A review of the orders and proceedings of the National Board may not be had in the district court. Such a review, according to section 10(f) of the Act, may be had in the appropriate United States Circuit Court of Appeals. Myers v. Bethlehem Shipbuilding Corp., 303 U.S. 41, 48, 58 S. Ct. 459, 82 L. Ed. 638; Newport News ShiBuilding & Dry Dock Co. v. Schauffler et al., 303 U.S. 54, 55, 58 S. Ct. 466, 82 L. Ed. 646. However, only those orders or proceedings of the National Board concerning unfair labor practices are directly reviewable. The Act does not provide for the direct review of an order of certification made by the National Board under section 9(c). Such an order is reviewable only as an incident in the review of an order or proceeding of the National Board concerning unfair labor practices under section 10. A.F.L. v. N.L.R.B., 308 U.S. 401, 406, 60 S. Ct. 300, 84 L. Ed. 347; Pittsburgh Plate Glass Co. v. N.L.R.B., 313 U.S. 146, 151, 154, 61 S. Ct. 908, 85 L. Ed. 1251; Inland Empire Council v. Millis et al., 325 U.S. 697, 699, 65 S. Ct. 1316, 89 L. Ed. 1877; May Stores Co. v. N.L.R.B., 326 U.S. 376, 380, 66 S. Ct. 203, 90 L. Ed. 145. In the A.F. of L. case, the question was posed whether the district courts were completely precluded by the National Act from reviewing the proceedings of the National Board. The court, in expressly reserving its decision on this question, said at page 412 of 308 U.S., at page 305 of 60 S. Ct., 84 L. Ed. 347: 'Its answer involves a determination whether the Wagner Act, in so far as it has given legally enforceable rights, has deprived the district courts of some portion of their original jurisdiction conferred by section 24 of the Judicial Code, 28 U.S.C.A. § 41. It can be appropriately answered only upon a showing in such a suit that unlawful action of the Board has inflicted an injury on the petitioners for which the law, apart from the review provisions of the Wagner Act, affords a remedy.' In our opinion, the Supreme Court, in effect has left the door open for the district courts, when the proper situation arises, to review the order of the National Board. Although this is not a proceeding to review a certification order of the National Board, we believe that the proper situation has arisen in this case. However, despite this conclusion, it would seem not improper that some consideration be given to the National Board's order. The fact that the Board made a certification should be considered as a bundle of facts from which we may conclude that interstate commerce was or might be affected. Since there are no allegations of any facts describing the manner in which the Company's business was carried on from which we might conclude otherwise, we conclude that it was so affected and that the National Board has exclusive jurisdiction over the dispute at the time the Committee filed its petition with the State Board.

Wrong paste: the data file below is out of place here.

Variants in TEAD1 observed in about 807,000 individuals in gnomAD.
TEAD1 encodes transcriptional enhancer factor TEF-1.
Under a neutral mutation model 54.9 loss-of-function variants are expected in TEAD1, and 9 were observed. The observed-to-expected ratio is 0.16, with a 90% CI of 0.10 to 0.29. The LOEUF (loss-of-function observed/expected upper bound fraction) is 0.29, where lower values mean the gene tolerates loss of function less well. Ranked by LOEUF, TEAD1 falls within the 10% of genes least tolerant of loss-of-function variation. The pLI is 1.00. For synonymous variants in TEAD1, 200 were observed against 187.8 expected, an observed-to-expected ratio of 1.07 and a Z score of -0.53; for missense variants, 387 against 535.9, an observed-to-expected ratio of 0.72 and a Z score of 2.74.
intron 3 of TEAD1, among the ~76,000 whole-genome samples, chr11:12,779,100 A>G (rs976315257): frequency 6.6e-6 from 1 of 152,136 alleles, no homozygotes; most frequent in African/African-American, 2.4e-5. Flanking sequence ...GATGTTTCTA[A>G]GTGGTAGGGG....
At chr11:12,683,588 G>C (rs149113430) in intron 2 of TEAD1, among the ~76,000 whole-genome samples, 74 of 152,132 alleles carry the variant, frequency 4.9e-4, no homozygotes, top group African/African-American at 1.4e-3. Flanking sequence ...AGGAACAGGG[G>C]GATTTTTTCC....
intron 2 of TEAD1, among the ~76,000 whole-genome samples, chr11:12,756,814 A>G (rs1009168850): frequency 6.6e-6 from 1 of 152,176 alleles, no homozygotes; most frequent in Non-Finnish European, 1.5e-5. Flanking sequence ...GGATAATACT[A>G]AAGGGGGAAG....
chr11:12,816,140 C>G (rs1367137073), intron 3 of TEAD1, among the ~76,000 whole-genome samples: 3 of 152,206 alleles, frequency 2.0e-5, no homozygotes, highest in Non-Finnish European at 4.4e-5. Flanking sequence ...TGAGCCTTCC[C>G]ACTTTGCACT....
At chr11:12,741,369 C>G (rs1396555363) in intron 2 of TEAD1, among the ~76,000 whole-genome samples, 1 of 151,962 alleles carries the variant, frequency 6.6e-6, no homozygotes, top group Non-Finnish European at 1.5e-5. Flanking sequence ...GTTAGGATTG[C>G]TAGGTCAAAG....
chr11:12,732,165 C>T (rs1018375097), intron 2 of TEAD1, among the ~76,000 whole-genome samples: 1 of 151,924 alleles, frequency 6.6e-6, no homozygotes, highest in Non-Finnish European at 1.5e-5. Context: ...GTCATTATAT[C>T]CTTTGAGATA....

For the foregoing reasons the motion to dissolve the temporary injunction is denied.